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How Germany is Lulling the Employment Fears of the World

· Technology,Automation,Machine Learning,Ai,Germany

How Germany is Lulling the Employment Fears of the World

Written by Rachel Weissman & Edited by Alexander Fleiss

We live in the age of digitization, and an increasing number of countries are realizing the potential benefits of artificial intelligence (AI) for their respective economies and societies. However, as robots become more prevalent in every day life, with their emergence in industry as well as households, there is a growing concern that this technology might have a negative impact on employment rates.

This concern is not a new one, as earlier generations have found themselves in similar scenarios during past technological revolutions. In particular, the theory of “technological unemployment” became popularized in the early 1900s upon the introduction of improved agricultural technology, displacing workers from rural employment. Technological unemployment, an idea explored by John Maynard Keyes, is unemployment due to technological change [1], and is increasingly relevant today. In a study published by The European Commission, statistics show that, while a large majority of people believe that robots are necessary as an aid to people for difficult tasks, 74% of respondents expect that more jobs will be lost than will be created as a result of the use of robots and AI [2].

The fears of these people aren’t irrational, as automation could negatively affect employment by displacing workers from their tasks. It could also, however, positively effect employment. The rise of automation could create new jobs and industries, causing an increase in demand for labor [3]. While the ultimate impact is still uncertain, there are countries that are demonstrating increased employment from automation.

Europe as a whole has the highest number of service robot manufacturers in the world with 243 manufacturers, and is proving that high unemployment isn’t necessarily linked with high numbers of robots in factories [4].

Germany boasts one of the lowest unemployment rates in the world, coming in at 3.4% as of March 2018, the country’s lowest since July 1980 [5]. Despite this low rate, Germany also has one of the highest robot densities in the world. Robot density is measured by number of installed industrial robots per 10,000 employees in the manufacturing industry, and in 2016, Germany’s robot density was 309, a far leap from the world average of 74 [4].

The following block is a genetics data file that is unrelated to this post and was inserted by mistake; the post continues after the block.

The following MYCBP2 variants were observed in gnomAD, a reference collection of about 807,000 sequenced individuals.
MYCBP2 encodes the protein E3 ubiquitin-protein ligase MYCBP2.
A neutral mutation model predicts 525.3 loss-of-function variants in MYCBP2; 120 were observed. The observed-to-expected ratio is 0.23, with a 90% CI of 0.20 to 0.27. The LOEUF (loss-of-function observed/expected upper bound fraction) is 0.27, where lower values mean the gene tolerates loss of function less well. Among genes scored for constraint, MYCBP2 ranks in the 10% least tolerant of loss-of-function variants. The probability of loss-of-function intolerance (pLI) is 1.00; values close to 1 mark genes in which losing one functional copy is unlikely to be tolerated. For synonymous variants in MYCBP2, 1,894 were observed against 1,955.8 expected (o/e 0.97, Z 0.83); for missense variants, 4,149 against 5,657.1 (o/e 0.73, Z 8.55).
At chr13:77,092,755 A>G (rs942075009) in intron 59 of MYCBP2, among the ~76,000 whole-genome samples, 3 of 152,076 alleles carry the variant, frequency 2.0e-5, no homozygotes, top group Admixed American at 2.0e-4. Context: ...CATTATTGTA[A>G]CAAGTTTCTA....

In fact, it is possible that AI will stimulate economic growth in Germany. Being a highly developed country, Germany will increasingly need to depend on heightened productivity to achieve its GDP targets, which can be achieved through automation fueled by AI. Studies show that AI enabled work can increase the country’s productivity by anywhere from 0.8 to 1.4 percent each year [6]. This increase in productivity has the potential to have a huge impact on the economy as a whole. Strategists and corporate consultants at the company McKinsey have even concluded that artificial intelligence could boost the German economy by up to 10 billion euros by the year 2030 [7]. This massive boost would be the direct result of increased automation based on AI and the potential jobs and industries it would create.

While it’s easy to believe that the more likely outcome of automation in the workforce would be the displacement of workers, the effect of productivity on the economy cannot be ignored. It has already been successfully demonstrated by Germany, and perhaps other countries would stand to gain by following suit.

[1] Souto, E. (2017, November 13). Technological Unemployment: Why Keynes Is More Relevant Than Ever. Retrieved from

[2] Attitudes towards the impact of digitisation and automation on daily life. (n.d.). Retrieved from

[3] Do we understand the impact of artificial intelligence on employment? (n.d.). Retrieved from

[4] Making the most of robotics and artificial intelligence in Europe - European Commission. (2017, November 17). Retrieved from

[5] Germany Unemployment Rate | 1949-2018 | Data | Chart | Calendar | Forecast. (n.d.). Retrieved from

[6] Smartening up with artificial intelligence. (n.d.). Retrieved from

[7] MacKinsey sees AI spurring economic growth in Germany - Artificial Intelligence. (2017, May 12). Retrieved from

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